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Quantitative and Empirical Demonstration of the Matthew Effect in a Study of Career Longevity

National Academy of Science USA, Vol. 108, pp. 18-23, 2011

13 Pages Posted: 21 Jul 2011  

Alexander Michael Petersen

University of California Merced, Ernest and Julio Gallo Management Program

Woo-Sung Jung

Pohang University of Science and Technology (POSTECH)

Jae-Suk Yang

Korea Advanced Institute of Science and Technology (KAIST)

H. Eugene Stanley

Boston University - Center for Polymer Studies

Date Written: January 4, 2011

Abstract

The Matthew effect refers to the adage written some two-thousand years ago in the Gospel of St. Matthew: “For to all those who have, more will be given.” Even two millennia later, this idiom is used by sociologists to qualitatively describe the dynamics of individual progress and the interplay between status and reward. Quantitative studies of professional careers are traditionally limited by the difficulty in measuring progress and the lack of data on individual careers. However, in some professions, there are well-defined metrics that quantify career longevity, success, and prowess, which together contribute to the overall success rating for an individual employee. Here we demonstrate testable evidence of the age-old Matthew “rich get richer” effect, wherein the longevity and past success of an individual lead to a cumulative advantage in further developing his or her career. We develop an exactly solvable stochastic career progress model that quantitatively incorporates the Matthew effect and validate our model predictions for several competitive professions. We test our model on the careers of 400,000 scientists using data from six high-impact journals and further confirm our findings by testing the model on the careers of more than 20,000 athletes in four sports leagues. Our model highlights the importance of early career development, showing that many careers are stunted by the relative disadvantage associated with inexperience.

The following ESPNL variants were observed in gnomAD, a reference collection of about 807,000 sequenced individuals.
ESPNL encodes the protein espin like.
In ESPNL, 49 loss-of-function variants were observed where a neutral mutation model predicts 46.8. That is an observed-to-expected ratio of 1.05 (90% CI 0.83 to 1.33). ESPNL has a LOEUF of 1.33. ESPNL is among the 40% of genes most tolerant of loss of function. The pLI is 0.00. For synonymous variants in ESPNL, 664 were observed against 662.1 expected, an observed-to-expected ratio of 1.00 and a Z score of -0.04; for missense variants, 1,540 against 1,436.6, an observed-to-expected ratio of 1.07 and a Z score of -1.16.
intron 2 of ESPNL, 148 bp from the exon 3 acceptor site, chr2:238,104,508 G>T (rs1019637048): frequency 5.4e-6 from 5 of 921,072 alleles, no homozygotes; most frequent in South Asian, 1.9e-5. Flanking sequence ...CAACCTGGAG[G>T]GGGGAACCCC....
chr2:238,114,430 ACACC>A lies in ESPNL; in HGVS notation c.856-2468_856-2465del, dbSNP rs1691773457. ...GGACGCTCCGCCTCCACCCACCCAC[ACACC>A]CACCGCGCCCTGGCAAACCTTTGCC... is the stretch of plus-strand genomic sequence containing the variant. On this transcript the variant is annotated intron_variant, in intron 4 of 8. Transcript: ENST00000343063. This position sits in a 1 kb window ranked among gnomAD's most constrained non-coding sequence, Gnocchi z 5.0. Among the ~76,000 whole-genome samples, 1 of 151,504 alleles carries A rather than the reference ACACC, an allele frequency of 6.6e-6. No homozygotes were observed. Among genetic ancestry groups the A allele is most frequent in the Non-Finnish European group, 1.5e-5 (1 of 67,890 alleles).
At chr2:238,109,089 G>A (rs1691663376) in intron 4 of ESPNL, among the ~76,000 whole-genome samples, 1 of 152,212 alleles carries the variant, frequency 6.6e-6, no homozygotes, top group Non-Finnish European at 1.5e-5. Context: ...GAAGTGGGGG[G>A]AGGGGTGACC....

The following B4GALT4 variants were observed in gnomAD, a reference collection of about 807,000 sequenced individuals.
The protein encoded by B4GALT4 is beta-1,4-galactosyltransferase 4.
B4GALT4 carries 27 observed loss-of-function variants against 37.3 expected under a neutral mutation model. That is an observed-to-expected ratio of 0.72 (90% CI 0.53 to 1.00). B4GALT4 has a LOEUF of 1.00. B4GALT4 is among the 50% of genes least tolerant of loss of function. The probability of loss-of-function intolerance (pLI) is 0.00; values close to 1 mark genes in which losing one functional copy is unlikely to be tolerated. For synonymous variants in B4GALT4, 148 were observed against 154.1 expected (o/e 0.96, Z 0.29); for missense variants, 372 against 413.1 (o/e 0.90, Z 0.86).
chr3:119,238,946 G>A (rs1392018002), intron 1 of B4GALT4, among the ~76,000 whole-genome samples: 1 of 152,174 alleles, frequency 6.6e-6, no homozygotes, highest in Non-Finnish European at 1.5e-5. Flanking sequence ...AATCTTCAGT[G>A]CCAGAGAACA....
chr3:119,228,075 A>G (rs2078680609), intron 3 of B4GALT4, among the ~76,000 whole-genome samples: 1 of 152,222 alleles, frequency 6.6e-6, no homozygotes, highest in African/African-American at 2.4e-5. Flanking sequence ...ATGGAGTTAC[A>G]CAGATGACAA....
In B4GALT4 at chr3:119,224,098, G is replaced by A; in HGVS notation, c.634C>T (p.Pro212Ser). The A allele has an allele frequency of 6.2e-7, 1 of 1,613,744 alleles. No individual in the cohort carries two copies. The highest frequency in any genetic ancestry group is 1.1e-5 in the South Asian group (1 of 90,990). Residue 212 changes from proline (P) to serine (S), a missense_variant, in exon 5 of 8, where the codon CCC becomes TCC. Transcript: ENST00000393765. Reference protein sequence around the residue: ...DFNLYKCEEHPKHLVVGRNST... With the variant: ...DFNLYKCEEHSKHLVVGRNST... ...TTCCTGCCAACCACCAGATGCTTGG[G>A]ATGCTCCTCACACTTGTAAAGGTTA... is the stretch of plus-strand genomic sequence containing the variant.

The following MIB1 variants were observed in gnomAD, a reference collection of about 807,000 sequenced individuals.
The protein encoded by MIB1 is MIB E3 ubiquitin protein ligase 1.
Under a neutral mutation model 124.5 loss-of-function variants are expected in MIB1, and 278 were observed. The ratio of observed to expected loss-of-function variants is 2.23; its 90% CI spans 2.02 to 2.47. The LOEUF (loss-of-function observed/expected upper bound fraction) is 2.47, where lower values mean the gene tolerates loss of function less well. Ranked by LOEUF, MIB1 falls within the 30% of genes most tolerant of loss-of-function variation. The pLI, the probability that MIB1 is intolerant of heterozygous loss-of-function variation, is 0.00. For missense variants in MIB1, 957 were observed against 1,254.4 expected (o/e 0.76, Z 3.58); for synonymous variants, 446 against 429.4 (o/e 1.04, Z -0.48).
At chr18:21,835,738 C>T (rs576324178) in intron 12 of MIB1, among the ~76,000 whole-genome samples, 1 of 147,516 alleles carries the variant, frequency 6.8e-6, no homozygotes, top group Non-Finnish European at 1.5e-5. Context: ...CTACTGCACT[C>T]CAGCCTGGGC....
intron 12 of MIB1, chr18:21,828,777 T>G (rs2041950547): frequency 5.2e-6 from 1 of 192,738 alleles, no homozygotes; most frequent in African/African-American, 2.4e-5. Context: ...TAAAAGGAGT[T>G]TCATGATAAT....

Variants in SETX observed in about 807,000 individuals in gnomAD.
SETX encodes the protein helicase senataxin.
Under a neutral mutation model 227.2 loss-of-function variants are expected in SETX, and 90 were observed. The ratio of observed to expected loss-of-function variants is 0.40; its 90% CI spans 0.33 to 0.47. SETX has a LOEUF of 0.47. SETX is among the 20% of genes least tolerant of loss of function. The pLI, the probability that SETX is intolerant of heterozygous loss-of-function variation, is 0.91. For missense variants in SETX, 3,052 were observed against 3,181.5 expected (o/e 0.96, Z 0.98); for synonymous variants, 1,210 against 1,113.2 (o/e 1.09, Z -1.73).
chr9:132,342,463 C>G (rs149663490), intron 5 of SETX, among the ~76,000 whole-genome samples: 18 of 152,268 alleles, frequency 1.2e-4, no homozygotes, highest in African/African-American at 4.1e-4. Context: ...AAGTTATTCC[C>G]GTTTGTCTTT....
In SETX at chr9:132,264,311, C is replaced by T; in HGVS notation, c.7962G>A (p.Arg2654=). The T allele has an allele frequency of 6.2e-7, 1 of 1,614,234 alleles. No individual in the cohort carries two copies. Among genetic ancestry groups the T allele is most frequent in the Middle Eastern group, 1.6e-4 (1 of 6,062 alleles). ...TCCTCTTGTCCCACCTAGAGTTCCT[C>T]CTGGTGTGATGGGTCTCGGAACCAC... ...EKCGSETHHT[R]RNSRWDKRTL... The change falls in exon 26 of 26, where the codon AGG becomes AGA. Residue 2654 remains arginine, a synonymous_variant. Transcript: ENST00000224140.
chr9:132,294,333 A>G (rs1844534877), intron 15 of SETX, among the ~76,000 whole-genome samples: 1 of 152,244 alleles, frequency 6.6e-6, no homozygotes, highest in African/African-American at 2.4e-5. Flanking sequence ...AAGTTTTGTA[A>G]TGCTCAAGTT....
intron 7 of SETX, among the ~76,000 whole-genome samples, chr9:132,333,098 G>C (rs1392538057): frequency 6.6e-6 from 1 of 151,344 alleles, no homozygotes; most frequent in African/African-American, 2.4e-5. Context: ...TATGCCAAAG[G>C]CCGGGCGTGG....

Keywords: Matthew Effect, Poisson Process, career longevity, production, hazard rate

JEL Classification: D39, J24, J44, L83

Suggested Citation

Petersen, Alexander Michael and Jung, Woo-Sung and Yang, Jae-Suk and Stanley, H. Eugene, Quantitative and Empirical Demonstration of the Matthew Effect in a Study of Career Longevity (January 4, 2011). National Academy of Science USA, Vol. 108, pp. 18-23, 2011 . Available at SSRN: https://ssrn.com/abstract=1889424

Alexander Michael Petersen (Contact Author)

University of California Merced, Ernest and Julio Gallo Management Program ( email )

School of Engineering
Science & Engineering 2, Suite 315
Merced, CA 95343
United States

Woo-Sung Jung

Pohang University of Science and Technology (POSTECH) ( email )

77 Cheongam-ro
Pohang
Korea, Republic of (South Korea)

Jae-Suk Yang

Korea Advanced Institute of Science and Technology (KAIST) ( email )

291 Daehak-ro
Yuseong-gu
Daejeon, 34141
Korea, Republic of (South Korea)

H. Eugene Stanley

Boston University - Center for Polymer Studies ( email )

Boston, MA 02215
United States

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